The report confirms the significant socio-economic disadvantage that young mothers face in terms of lower educational qualifications, lower employment levels and lower income, but also highlight others lesser known differences including unstable partner relationships, poorer health behaviours and health outcomes and lower levels of engagement with formal parenting support. Additional support to allow young parents – particularly those under 20 - the opportunity to continue their education or training is likely to help to reduce some of these inequalities. Widening the availability of and access to affordable childcare would, for example, support more opportunities for education, training, and employment.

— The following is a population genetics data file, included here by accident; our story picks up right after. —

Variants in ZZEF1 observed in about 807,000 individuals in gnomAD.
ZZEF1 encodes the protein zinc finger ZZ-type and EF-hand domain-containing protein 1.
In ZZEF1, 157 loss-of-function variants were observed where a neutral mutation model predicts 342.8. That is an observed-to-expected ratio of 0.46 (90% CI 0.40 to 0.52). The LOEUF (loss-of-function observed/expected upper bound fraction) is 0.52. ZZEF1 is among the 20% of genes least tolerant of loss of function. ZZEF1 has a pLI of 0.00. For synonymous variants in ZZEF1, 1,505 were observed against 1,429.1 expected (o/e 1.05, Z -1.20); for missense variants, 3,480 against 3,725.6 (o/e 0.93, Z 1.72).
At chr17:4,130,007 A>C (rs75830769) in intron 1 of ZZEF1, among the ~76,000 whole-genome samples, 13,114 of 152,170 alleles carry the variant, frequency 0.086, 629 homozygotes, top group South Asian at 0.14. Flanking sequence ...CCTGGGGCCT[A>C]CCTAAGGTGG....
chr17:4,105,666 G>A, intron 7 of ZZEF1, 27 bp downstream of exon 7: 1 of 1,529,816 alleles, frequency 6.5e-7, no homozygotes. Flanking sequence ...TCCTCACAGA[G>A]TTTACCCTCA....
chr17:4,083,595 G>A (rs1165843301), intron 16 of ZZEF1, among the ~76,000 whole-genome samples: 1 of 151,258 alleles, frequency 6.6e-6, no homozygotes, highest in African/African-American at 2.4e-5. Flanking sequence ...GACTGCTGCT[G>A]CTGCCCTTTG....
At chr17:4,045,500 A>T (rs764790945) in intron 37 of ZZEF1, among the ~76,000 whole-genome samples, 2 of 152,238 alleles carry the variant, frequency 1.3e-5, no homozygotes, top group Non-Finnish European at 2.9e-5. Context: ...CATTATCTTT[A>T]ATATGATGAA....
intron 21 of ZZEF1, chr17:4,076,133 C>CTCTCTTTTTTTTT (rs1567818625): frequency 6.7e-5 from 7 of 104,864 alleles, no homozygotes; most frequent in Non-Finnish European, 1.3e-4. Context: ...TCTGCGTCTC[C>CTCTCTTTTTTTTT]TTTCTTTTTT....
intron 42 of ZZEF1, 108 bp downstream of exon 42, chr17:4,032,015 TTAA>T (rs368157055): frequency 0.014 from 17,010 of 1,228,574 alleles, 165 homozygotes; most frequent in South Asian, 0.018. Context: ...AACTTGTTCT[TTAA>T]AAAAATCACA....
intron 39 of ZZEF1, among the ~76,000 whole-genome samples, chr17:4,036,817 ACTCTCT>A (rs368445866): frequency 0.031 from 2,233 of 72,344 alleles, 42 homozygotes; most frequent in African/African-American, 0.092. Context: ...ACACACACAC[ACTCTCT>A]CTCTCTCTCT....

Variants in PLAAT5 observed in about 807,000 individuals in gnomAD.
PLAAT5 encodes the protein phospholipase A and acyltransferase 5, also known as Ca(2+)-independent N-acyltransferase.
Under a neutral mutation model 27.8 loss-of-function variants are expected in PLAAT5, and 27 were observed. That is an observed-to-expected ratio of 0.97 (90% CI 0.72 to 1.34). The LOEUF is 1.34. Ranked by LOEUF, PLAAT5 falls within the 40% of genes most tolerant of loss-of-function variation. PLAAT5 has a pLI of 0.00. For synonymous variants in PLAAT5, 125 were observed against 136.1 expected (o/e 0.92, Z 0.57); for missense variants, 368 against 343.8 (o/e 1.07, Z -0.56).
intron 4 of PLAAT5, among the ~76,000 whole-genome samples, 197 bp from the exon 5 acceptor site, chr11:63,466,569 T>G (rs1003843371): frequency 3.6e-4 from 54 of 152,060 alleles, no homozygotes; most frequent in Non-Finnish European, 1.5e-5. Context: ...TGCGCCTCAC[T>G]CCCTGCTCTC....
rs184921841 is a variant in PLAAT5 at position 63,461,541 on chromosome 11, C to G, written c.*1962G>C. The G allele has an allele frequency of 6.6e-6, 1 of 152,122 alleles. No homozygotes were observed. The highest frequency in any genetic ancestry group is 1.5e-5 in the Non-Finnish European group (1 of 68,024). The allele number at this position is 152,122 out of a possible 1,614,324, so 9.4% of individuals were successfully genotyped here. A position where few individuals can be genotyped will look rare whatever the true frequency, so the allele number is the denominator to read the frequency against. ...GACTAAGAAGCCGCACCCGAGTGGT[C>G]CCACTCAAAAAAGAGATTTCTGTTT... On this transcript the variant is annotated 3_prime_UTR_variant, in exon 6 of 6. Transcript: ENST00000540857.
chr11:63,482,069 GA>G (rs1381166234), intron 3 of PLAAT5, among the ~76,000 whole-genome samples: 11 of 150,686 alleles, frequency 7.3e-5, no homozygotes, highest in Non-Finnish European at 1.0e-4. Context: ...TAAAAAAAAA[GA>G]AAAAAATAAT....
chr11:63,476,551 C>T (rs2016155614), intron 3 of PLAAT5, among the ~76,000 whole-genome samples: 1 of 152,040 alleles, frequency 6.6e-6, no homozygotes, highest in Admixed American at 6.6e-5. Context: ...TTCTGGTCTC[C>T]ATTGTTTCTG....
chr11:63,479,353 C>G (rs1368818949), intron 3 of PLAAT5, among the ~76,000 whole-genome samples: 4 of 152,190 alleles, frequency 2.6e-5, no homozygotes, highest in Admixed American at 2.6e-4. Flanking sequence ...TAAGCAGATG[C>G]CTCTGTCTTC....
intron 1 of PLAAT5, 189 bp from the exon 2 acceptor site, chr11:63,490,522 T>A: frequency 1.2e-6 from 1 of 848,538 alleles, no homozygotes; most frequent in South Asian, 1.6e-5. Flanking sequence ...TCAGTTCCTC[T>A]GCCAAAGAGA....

Across many of the domains of health, parenting and social life considered here, the circumstances and behaviours of mothers aged 20-24, whilst often being relatively positive when compared with those aged under 20, are still more negative than for older mothers. As such, some consideration should also be given to enhancing the support offered to parents in this slightly older age group.